"I think there will be quite a few people who will now be pretty firmly of the view that she should resign", Vaizey told BBC Oxford in an interview on Thursday, when asked whether May should step aside.
In a keynote conference speech where the protester and a coughing fit brought her words nearly to a halt, Mrs May won over many members in the hall by promising to reinvigorate the party and offering pledges to younger people and families alike.
But announcements including a £2 billion to boost council home building and a new law to cap energy prices to help voters "left behind" by an unbalanced economy were overshadowed by the plague of mishaps and interruptions.
The intruder was identified by media as comedian Simon Brodkin, who performs under the name of Lee Nelson.
While May's Cabinet publicly rushed to defend her, speaking of her bravery and resilience in finishing the speech, privately they said she was "limping like a broken horse into oblivion", and suggested that talks about her departure would have to be "accelerated".
Mr Shapps was a minister in David Cameron's government but an ally of the former premier said he has misjudged the situation.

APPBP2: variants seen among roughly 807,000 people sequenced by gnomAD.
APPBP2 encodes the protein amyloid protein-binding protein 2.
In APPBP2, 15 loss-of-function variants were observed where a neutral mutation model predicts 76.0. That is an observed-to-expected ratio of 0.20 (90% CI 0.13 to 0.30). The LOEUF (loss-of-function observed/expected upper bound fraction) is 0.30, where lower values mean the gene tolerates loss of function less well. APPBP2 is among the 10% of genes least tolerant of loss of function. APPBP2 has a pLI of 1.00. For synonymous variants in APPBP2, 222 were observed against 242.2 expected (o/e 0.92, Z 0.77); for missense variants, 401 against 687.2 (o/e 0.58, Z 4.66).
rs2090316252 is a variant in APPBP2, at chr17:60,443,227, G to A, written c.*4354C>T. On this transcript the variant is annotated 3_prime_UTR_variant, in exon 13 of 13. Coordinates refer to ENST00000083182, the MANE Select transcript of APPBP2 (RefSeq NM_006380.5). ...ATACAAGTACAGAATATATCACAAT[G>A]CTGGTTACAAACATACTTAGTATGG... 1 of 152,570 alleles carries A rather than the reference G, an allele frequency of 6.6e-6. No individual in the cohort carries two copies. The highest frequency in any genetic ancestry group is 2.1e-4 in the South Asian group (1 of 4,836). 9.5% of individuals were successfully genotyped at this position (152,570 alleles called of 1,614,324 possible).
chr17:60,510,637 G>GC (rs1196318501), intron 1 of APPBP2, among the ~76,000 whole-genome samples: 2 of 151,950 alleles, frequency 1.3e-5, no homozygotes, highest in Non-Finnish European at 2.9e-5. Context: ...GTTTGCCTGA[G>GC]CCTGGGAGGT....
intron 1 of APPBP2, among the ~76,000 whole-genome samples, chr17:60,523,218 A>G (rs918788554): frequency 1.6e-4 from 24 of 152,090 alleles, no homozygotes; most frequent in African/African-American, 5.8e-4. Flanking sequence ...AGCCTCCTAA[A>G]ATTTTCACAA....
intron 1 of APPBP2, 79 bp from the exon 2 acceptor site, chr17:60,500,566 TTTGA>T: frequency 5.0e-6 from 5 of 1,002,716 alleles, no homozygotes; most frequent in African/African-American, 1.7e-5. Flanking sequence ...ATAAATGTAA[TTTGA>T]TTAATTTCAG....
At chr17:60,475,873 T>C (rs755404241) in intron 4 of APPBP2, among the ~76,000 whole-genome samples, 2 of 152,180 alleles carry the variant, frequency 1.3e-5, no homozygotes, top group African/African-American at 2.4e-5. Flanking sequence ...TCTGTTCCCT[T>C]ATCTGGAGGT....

Grant Shapps made the headlines after it was revealed he had gathered a list of 30 Tory MPs who are discontented with the Prime Minister.
There is also anger at Foreign Secretary Boris Johnson, whose recent outbursts on Brexit policy dismayed colleagues for overshadowing the Tory conference in Manchester, according to one senior Conservative official.
May knows she has a job to do and seems determined to give the leadership her best shot.
If that was not enough, a never ending cough fit had interrupted the speech, a speech that she desperately needed to work in her favour. May spoke of plans to "reignite home ownership" in United Kingdom and said the government plans to invest an additional £2bn in affordable housing, taking the total budget up to nearly £9bn.
She tweeted: "The plot is by remain MPs to topple the PM, destroy Boris and put a remain leader in place to delay and possibly destroy #Brexit". She sipped water. Her finance minister, Philip Hammond, passed her a lozenge. The understanding audience came to her aid with a lengthy ovation, allowing May to take a drink of water and regain composure. More letters would follow.
And just as she did after the botched general election - in which she was widely perceived to have squandered an extremely strong position - May soldiered on.
She added that MPs would get an update on her Florence speech next week. She didn't provide details about how much such public housing would cost or how many of them would be built.